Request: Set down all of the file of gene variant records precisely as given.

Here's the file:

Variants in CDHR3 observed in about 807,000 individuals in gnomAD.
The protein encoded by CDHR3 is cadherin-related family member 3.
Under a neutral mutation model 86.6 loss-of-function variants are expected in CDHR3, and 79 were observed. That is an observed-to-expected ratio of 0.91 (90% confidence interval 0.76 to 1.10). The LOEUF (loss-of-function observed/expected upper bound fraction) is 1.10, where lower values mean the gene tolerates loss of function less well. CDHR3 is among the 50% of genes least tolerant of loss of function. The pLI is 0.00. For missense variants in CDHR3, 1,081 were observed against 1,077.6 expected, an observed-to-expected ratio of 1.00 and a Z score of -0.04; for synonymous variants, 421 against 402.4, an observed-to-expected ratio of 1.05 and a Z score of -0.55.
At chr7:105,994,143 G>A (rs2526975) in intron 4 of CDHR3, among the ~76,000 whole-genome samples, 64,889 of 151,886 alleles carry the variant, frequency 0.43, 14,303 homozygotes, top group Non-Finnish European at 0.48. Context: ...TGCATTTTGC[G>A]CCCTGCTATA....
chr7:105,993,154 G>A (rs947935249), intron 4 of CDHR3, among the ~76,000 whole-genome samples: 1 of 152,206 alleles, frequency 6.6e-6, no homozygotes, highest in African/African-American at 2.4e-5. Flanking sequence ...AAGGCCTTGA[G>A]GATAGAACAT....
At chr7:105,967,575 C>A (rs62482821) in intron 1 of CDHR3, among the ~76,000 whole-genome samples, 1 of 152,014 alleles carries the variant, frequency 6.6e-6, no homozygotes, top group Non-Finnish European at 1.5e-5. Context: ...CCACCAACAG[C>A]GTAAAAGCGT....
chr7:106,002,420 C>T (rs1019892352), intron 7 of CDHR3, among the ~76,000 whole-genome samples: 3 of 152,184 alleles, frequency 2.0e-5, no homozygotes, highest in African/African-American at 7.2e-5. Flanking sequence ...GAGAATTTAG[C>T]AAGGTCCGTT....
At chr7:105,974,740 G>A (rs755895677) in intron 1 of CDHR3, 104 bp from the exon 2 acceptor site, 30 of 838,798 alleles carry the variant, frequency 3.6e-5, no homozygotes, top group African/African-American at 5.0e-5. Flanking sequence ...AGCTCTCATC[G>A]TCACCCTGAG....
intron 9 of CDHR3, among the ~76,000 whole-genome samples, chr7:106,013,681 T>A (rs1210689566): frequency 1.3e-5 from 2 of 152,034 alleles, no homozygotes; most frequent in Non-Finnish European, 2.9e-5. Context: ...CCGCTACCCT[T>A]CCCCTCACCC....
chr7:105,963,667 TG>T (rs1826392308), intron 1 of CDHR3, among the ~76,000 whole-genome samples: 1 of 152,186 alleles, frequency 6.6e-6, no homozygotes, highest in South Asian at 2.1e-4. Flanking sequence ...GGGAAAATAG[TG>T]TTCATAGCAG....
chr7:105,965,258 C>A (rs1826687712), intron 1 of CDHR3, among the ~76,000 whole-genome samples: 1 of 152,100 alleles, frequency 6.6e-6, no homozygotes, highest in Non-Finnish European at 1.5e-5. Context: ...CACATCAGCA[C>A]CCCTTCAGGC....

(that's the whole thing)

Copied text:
Variants in CDHR3 observed in about 807,000 individuals in gnomAD.
The protein encoded by CDHR3 is cadherin-related family member 3.
Under a neutral mutation model 86.6 loss-of-function variants are expected in CDHR3, and 79 were observed. That is an observed-to-expected ratio of 0.91 (90% confidence interval 0.76 to 1.10). The LOEUF (loss-of-function observed/expected upper bound fraction) is 1.10, where lower values mean the gene tolerates loss of function less well. CDHR3 is among the 50% of genes least tolerant of loss of function. The pLI is 0.00. For missense variants in CDHR3, 1,081 were observed against 1,077.6 expected, an observed-to-expected ratio of 1.00 and a Z score of -0.04; for synonymous variants, 421 against 402.4, an observed-to-expected ratio of 1.05 and a Z score of -0.55.
At chr7:105,994,143 G>A (rs2526975) in intron 4 of CDHR3, among the ~76,000 whole-genome samples, 64,889 of 151,886 alleles carry the variant, frequency 0.43, 14,303 homozygotes, top group Non-Finnish European at 0.48. Context: ...TGCATTTTGC[G>A]CCCTGCTATA....
chr7:105,993,154 G>A (rs947935249), intron 4 of CDHR3, among the ~76,000 whole-genome samples: 1 of 152,206 alleles, frequency 6.6e-6, no homozygotes, highest in African/African-American at 2.4e-5. Flanking sequence ...AAGGCCTTGA[G>A]GATAGAACAT....
At chr7:105,967,575 C>A (rs62482821) in intron 1 of CDHR3, among the ~76,000 whole-genome samples, 1 of 152,014 alleles carries the variant, frequency 6.6e-6, no homozygotes, top group Non-Finnish European at 1.5e-5. Context: ...CCACCAACAG[C>A]GTAAAAGCGT....
chr7:106,002,420 C>T (rs1019892352), intron 7 of CDHR3, among the ~76,000 whole-genome samples: 3 of 152,184 alleles, frequency 2.0e-5, no homozygotes, highest in African/African-American at 7.2e-5. Flanking sequence ...GAGAATTTAG[C>T]AAGGTCCGTT....
At chr7:105,974,740 G>A (rs755895677) in intron 1 of CDHR3, 104 bp from the exon 2 acceptor site, 30 of 838,798 alleles carry the variant, frequency 3.6e-5, no homozygotes, top group African/African-American at 5.0e-5. Flanking sequence ...AGCTCTCATC[G>A]TCACCCTGAG....
intron 9 of CDHR3, among the ~76,000 whole-genome samples, chr7:106,013,681 T>A (rs1210689566): frequency 1.3e-5 from 2 of 152,034 alleles, no homozygotes; most frequent in Non-Finnish European, 2.9e-5. Context: ...CCGCTACCCT[T>A]CCCCTCACCC....
chr7:105,963,667 TG>T (rs1826392308), intron 1 of CDHR3, among the ~76,000 whole-genome samples: 1 of 152,186 alleles, frequency 6.6e-6, no homozygotes, highest in South Asian at 2.1e-4. Flanking sequence ...GGGAAAATAG[TG>T]TTCATAGCAG....
chr7:105,965,258 C>A (rs1826687712), intron 1 of CDHR3, among the ~76,000 whole-genome samples: 1 of 152,100 alleles, frequency 6.6e-6, no homozygotes, highest in Non-Finnish European at 1.5e-5. Context: ...CACATCAGCA[C>A]CCCTTCAGGC....